These stories, as the reader is not likely to forget, are all told from the English point of view. Religious animosity and political and commercial rivalry whetted the English hatred of Spain, and produced accounts of Spanish cruelty to the natives and to English prisoners which must be taken with much modification. For the English adventurers themselves were no saints. Many of them were nothing more than pirates, and many were engaged in the slave trade between Africa and the Indies. At times our admiration for their intrepid courage and persistence, and for their loyalty to one another and to the Queen, is overcome by the evidence of their inhumanity in the treatment of their human cargoes, and their lack of all consideration of the rights of negroes as men. They contracted for the delivery of African slaves to the West Indies precisely as if they were cattle or hides, and in case of danger at sea they lightened their ships of these miserable wretches with apparently little less compunction than if they had been mere bales of merchandise.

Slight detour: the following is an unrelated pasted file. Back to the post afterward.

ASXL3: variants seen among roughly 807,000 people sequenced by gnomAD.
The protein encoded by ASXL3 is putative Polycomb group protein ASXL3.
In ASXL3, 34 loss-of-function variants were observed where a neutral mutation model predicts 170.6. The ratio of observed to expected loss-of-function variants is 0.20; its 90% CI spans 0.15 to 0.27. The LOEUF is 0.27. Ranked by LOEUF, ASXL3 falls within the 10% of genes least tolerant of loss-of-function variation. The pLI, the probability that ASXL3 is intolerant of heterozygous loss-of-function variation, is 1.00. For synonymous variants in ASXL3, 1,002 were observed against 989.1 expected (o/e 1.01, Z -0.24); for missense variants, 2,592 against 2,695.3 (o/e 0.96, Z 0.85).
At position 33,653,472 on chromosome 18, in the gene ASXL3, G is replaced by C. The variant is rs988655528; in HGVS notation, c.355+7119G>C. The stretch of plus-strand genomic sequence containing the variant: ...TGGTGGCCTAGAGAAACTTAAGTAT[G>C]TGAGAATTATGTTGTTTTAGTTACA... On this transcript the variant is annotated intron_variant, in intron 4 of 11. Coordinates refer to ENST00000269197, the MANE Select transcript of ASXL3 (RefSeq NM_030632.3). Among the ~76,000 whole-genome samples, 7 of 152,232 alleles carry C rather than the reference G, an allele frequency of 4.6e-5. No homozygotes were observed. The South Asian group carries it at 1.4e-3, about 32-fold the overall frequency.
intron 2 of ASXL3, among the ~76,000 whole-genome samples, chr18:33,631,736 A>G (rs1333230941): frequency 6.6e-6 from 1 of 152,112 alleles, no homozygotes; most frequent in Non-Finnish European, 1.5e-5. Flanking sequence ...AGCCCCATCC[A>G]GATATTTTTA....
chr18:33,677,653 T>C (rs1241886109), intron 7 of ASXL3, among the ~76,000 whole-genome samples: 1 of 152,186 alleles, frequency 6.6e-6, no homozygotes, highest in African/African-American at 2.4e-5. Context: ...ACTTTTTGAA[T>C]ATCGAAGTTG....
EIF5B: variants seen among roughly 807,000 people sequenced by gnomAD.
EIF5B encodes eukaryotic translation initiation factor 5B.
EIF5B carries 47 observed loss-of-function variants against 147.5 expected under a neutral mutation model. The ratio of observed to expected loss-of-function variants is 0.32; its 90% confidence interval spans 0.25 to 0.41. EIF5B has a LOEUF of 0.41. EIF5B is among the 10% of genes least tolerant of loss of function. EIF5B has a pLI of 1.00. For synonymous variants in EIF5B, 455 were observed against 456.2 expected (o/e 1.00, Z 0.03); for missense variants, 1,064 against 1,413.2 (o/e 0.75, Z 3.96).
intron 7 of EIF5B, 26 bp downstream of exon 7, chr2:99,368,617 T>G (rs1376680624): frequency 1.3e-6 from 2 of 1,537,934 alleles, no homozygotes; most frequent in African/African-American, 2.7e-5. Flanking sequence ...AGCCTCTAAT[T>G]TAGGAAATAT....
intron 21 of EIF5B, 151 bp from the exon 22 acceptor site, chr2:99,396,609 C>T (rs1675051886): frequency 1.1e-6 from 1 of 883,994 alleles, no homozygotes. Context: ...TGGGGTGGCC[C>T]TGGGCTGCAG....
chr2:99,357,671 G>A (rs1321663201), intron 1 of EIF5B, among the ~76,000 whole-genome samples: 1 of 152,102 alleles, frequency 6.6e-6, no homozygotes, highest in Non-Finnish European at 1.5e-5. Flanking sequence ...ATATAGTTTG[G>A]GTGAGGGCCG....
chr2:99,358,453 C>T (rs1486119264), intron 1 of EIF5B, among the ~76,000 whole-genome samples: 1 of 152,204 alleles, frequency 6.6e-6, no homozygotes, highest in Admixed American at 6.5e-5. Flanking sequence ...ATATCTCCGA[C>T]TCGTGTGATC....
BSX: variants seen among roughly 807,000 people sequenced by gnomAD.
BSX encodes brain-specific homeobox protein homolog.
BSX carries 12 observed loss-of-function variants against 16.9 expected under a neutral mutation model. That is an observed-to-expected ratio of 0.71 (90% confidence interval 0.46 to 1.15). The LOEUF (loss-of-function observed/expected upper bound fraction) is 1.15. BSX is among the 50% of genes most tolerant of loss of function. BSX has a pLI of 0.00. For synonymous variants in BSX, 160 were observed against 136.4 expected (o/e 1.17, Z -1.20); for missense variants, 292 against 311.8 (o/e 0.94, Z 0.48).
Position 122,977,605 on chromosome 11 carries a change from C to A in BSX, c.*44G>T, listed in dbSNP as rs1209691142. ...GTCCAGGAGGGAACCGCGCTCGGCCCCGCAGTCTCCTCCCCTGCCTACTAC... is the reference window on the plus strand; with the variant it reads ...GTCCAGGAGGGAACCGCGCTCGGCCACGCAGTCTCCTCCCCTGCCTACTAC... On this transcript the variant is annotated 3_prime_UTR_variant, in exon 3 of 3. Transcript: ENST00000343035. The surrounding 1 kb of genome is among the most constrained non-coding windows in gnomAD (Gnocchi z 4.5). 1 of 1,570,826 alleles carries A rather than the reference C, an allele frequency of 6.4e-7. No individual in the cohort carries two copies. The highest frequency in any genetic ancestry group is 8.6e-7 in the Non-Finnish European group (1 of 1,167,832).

Yet, amid all the horrors induced by lust of gold and conquest, one finds often enough incidents of striking generosity to enemies, of tender affection to their own people, and of a code of honor and an adherence to the rules of the game as they understood it, which go far to brighten the picture.

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